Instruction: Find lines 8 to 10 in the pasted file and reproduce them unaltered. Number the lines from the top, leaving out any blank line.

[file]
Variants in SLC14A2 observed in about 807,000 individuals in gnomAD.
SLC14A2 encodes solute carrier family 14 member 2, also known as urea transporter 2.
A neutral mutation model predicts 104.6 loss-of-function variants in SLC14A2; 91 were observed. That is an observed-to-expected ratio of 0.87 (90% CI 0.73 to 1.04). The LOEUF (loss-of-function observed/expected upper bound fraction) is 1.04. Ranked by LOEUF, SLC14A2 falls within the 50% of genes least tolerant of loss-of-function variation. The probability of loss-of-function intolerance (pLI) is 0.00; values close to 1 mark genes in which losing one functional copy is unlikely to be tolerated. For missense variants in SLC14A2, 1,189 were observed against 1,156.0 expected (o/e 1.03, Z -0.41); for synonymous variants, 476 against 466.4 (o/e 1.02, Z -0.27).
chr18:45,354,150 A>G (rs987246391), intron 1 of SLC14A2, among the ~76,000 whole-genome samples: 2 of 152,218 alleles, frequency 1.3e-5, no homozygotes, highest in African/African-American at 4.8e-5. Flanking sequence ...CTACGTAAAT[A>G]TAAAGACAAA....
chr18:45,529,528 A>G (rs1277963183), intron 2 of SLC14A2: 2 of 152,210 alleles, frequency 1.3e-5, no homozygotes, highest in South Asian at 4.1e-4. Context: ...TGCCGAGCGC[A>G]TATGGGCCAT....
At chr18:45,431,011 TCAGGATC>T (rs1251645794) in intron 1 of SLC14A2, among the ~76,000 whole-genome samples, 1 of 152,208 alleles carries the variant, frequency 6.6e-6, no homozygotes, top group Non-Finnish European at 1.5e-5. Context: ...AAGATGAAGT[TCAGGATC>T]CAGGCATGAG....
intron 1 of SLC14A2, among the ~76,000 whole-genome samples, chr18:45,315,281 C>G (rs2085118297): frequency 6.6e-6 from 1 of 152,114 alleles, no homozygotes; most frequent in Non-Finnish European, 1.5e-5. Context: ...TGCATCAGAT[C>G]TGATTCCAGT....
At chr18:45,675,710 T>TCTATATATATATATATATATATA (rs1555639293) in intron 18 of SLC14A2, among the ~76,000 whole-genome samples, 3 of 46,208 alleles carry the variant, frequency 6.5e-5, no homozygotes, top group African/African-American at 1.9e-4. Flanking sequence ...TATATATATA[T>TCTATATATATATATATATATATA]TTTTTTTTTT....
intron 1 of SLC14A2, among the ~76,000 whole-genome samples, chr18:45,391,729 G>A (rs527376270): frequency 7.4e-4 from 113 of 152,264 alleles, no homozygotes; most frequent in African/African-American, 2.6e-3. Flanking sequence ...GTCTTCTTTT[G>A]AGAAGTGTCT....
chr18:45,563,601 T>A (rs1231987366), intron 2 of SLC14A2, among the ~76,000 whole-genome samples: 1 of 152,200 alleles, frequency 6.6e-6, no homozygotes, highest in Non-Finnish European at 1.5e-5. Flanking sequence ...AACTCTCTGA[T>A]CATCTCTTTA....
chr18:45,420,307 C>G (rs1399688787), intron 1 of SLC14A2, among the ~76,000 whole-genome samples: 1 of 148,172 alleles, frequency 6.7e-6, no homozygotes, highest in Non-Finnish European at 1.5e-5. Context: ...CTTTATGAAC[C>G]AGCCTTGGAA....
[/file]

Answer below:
At chr18:45,675,710 T>TCTATATATATATATATATATATA (rs1555639293) in intron 18 of SLC14A2, among the ~76,000 whole-genome samples, 3 of 46,208 alleles carry the variant, frequency 6.5e-5, no homozygotes, top group African/African-American at 1.9e-4. Flanking sequence ...TATATATATA[T>TCTATATATATATATATATATATA]TTTTTTTTTT....
intron 1 of SLC14A2, among the ~76,000 whole-genome samples, chr18:45,391,729 G>A (rs527376270): frequency 7.4e-4 from 113 of 152,264 alleles, no homozygotes; most frequent in African/African-American, 2.6e-3. Flanking sequence ...GTCTTCTTTT[G>A]AGAAGTGTCT....
chr18:45,563,601 T>A (rs1231987366), intron 2 of SLC14A2, among the ~76,000 whole-genome samples: 1 of 152,200 alleles, frequency 6.6e-6, no homozygotes, highest in Non-Finnish European at 1.5e-5. Flanking sequence ...AACTCTCTGA[T>A]CATCTCTTTA....